21. Magical read, a veritable steampunk feast with mad counts ruling over mechanical castles, mysteries and a story about printing books and printing words on hearts.For me it's worth reading just to fall in love with the first chapters. With moving bookcases, clockwork people and trapped heroes and beds that travel the halls of a magical castle at night. It trails off in the latter third which is a shame. But totally worth reading just for the delight of the first two thirds. A book for steampunk l [...]

    22. Reading this book was like listening to a story with many stories woven into it, told by fire- and starlight. It has the feel of a myth--of folklore or fairy tales. There are castles and improbable tasks and people that are all puzzles in their own way, deciphering the puzzles of their lives and fates. It will be too precious for some, but those who will love itwell, you'll know who you are. (We can smell each other, right? Those of us who have actually *named* our inner-child? :) Who stare at s [...]

    23. Salamander was so nearly a really good book. It falls away a bit in the second half, occasionally returning to form with scenes like Djinn (I think it was him) walking through the forest as the automaton. There were some beautiful passages of prose, very poetic at times. He is undoubtedly a very good writer. I just felt that the story lost its way in the sedcond half. However, the first part of the book is as good as anything I have read. Wonderful descriptions of the mechanical castle. It is li [...]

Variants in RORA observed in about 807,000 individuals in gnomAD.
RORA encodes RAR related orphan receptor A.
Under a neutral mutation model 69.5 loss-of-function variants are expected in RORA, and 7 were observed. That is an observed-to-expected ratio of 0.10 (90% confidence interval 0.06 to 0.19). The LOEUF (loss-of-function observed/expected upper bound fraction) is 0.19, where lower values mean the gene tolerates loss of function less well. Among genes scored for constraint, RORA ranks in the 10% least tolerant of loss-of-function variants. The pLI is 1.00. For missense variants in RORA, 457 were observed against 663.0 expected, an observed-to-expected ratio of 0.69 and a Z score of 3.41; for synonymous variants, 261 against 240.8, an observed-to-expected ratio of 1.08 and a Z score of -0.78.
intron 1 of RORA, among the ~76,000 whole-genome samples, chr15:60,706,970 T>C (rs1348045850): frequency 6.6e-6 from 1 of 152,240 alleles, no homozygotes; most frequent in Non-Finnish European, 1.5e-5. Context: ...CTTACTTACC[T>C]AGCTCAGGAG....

24. Thomas Wharton comes close to Jeanette Winterson and Audrey Niffennegger for flutes of bubbly imagination. This book is an ode to reading, to books, to literary devices. Like the above-named authors, or Marquez, this is a book that is doubly fabulous: for the virtuoso performance of literary-ness, AND for the creativity which continually surprises the reader. I kept thinking "how did he think of that?

    25. This is a story within a story -- one of those books that's a bit hard to pin down. In it a printer is tasked to make a book without end. At times I thought I might be reading that book. while the story is mostly linear is does not always seem straightforward. There is love and heartbreak and adventure and monotony within these pages; it felt like reading several distinct books. I absolutely recommend it to those who enjoyed Life of Pi and similar novels.